Ephelis spp.

Description

Stromata enclosing the entire inflorescence or individual spikelets depending on the host, cylindrical, straight to slightly curved, tapering to a point, ranging from 10-18 x 2-3 mm to 90-150 x 3-7 mm dependant on the host, at first white-cream then becoming darker; sometimes an evanescent, thin, white mycelial mat may also cover the expanding leaves at the apices of Ephelis-infected tillers.

Conidiomata on stromata circular-irregular, grey at maturity, surface slightly concave, margins raised and dark grey, variously described as acervuli or sporodochia.

Conidia of one type

  • conidia formed on short conidiophores in conidiomata and on epiphylous mats, acicular, 12-26 x 1-2 µm, hyaline, aseptate.
Hosts
   
Host family: Poaceae
   
Host species: Botrhiochloa sp.
Brachiaria humidicola
Brachiaria mutica
Brachiaria ruziziensis
Cymbopogon refractus
Digitaria ciliaris
Digitaria erianthi subsp. pentzii
Digitaria eriantha subsp. eriantha
Digitaria violascens
Digitaria sp.
Melinis repens
Paspalidium criniforme
Paspalum scrobiculatum
Pennisetum alopecuroides
Pennisetum compressum
Poa labillardierei
Setaria sphacelata
Sorghastrum nutans
Sorghum halepense
Sorghum leiocladum
Sorghum verticilliflorum
Themeda triandra

Distribution

NSW, NT, QLD

Comments

Ephelis spp. are recognised as the anamorphs of Balansia, Myriogenospora and Nigrocornus (Diehl, 1950; Rykard et al., 1984; Ryley 2003) and more recently as the anamorph of Neoclaviceps (Sullivan et al., 2001) although the latter association is doubtful. There is considerable diversity in the morphology of the conidiomata of Ephelis – at one extreme are discrete and cupulate-patellate structures, variously referred to as sporodochia and acervuli, and at the other extreme is an effuse layer of conidiophores which covers the surface of the stroma or host tissue (Christensen et al. 2000; Ryley, 2003). In all cases, acicular aseptate conidia develop at the apices of sympodially proliferating conidiogenous cells (Rykard et al., 1984; Ryley, 2003). The sexual states of Balansia and related genera usually, but not always, develop after the Ephelis state on conidiostromata; by contrast the asexual and sexual states of Nigricornus scleroticus are spatially- and temporally- separated.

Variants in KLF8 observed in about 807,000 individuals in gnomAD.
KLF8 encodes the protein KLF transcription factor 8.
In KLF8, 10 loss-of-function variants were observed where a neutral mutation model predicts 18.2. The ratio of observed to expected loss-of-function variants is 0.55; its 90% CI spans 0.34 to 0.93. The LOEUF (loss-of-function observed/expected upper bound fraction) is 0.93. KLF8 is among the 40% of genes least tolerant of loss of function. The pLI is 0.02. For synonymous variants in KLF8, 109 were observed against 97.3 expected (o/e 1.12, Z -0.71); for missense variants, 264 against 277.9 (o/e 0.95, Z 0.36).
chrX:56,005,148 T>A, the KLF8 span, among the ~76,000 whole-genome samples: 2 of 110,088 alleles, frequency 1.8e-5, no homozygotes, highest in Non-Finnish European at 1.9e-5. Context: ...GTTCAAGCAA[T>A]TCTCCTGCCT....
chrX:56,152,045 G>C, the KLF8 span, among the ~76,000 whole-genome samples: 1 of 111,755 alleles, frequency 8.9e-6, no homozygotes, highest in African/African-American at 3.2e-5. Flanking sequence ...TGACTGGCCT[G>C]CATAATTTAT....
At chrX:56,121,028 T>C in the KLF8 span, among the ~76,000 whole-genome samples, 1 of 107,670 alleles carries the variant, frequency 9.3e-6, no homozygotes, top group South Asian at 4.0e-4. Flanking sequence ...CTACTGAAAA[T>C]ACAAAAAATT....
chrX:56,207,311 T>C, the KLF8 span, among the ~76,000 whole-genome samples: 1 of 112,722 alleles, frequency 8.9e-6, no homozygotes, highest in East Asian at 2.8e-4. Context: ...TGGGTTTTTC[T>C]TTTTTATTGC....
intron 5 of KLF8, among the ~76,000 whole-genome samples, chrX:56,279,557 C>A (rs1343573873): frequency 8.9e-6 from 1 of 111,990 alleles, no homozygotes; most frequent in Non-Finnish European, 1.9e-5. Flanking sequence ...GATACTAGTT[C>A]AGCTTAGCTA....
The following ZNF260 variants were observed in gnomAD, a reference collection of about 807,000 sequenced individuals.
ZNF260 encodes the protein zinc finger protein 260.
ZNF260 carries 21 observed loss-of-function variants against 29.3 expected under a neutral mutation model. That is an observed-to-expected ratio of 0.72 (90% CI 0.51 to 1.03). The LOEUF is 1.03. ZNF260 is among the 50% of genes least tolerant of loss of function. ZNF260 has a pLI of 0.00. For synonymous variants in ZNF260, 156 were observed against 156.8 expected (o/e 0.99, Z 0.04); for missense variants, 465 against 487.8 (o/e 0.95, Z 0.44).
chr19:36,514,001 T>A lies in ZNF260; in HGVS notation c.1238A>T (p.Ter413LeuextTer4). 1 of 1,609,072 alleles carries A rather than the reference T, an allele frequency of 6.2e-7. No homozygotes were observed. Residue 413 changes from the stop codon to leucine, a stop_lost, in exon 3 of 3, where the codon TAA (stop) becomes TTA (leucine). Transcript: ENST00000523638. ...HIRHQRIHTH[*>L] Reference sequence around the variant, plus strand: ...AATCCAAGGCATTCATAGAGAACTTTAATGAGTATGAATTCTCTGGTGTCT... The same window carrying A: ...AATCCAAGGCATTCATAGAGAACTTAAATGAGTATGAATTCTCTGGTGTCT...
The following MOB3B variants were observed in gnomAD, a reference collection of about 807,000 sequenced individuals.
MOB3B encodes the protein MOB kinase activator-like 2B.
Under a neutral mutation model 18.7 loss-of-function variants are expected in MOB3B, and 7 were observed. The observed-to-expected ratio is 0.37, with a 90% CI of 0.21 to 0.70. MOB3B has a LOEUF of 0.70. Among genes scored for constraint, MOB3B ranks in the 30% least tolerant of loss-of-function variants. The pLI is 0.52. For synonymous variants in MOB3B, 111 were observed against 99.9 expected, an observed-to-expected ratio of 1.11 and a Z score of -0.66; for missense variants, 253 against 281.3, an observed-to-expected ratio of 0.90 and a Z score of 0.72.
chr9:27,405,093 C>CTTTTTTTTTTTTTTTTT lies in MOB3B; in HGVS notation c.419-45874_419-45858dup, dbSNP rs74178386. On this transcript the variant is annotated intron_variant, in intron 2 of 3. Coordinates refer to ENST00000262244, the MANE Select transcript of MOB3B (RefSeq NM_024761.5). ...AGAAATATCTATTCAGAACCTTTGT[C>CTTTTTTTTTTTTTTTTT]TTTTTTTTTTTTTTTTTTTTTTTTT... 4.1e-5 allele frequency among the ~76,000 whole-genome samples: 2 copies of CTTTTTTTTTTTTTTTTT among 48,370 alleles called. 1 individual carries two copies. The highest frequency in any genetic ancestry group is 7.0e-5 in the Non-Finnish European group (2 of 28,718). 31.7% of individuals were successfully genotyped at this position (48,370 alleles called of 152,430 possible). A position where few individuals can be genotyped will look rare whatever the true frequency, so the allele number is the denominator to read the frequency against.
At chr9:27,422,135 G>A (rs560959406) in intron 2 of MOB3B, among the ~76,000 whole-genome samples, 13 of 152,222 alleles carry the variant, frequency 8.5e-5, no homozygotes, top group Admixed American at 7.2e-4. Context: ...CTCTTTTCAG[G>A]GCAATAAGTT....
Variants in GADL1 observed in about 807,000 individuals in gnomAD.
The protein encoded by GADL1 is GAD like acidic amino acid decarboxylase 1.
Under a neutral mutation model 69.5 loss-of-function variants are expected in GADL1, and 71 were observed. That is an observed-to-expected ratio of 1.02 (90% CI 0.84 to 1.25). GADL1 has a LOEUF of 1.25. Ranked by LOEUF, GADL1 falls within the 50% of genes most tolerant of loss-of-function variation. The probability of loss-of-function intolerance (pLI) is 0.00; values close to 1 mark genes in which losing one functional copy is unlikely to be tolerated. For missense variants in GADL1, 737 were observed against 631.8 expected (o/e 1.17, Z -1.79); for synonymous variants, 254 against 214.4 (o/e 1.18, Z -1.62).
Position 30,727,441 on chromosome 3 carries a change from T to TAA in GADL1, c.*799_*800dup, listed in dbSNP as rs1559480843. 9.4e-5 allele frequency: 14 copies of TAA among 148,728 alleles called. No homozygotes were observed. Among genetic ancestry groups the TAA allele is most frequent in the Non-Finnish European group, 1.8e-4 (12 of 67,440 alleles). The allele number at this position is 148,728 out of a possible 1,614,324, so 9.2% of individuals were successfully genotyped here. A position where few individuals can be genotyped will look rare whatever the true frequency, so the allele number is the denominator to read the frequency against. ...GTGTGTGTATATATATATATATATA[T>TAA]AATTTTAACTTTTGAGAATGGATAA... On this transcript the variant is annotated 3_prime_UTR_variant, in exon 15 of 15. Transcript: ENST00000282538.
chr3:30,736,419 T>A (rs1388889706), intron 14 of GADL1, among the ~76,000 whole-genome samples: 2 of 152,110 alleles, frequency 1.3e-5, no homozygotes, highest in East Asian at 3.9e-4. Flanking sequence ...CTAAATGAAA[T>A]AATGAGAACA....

Highslide JS
Ephelis sp. on Cymbopogon sp.
Highslide JS
Ephelis sp. on Cymbopogon sp.
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Ephelis sp. on Cymbopogon sp.
Highslide JS
Ephelis sp. on Cymbopogon sp.
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Ephelis sp. on Cymbopogon sp.
Highslide JS
Ephelis sp. on Sarga sp.
Highslide JS
Ephelis sp. on Sarga sp.
Highslide JS
Ephelis sp. on Cymbopogon refractus - BRIP 27595. Scale bar = 1 cm.
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Ephelis sp. on Cymbopogon refractus - BRIP 27595. Scale bar = 3 mm.
Highslide JS
Ephelis sp. on Sorghum leiocladum - BRIP 45135. Scale bar = 5 mm.
Highslide JS
Ephelis sp. on Sorghum leiocladum - BRIP 45135.
Scale bar = 2 mm.
Highslide JS
Ephelis sp. on Sorghum leiocladum - BRIP 45135.
Scale bar = 20 µm.
Highslide JS
Ephelis sp. on Sorghum leiocladum - BRIP 45135.
Scale bar = 20 µm.
Highslide JS
Ephelis sp. on Sorghum leiocladum - BRIP 45135.
Scale bar = 20 µm.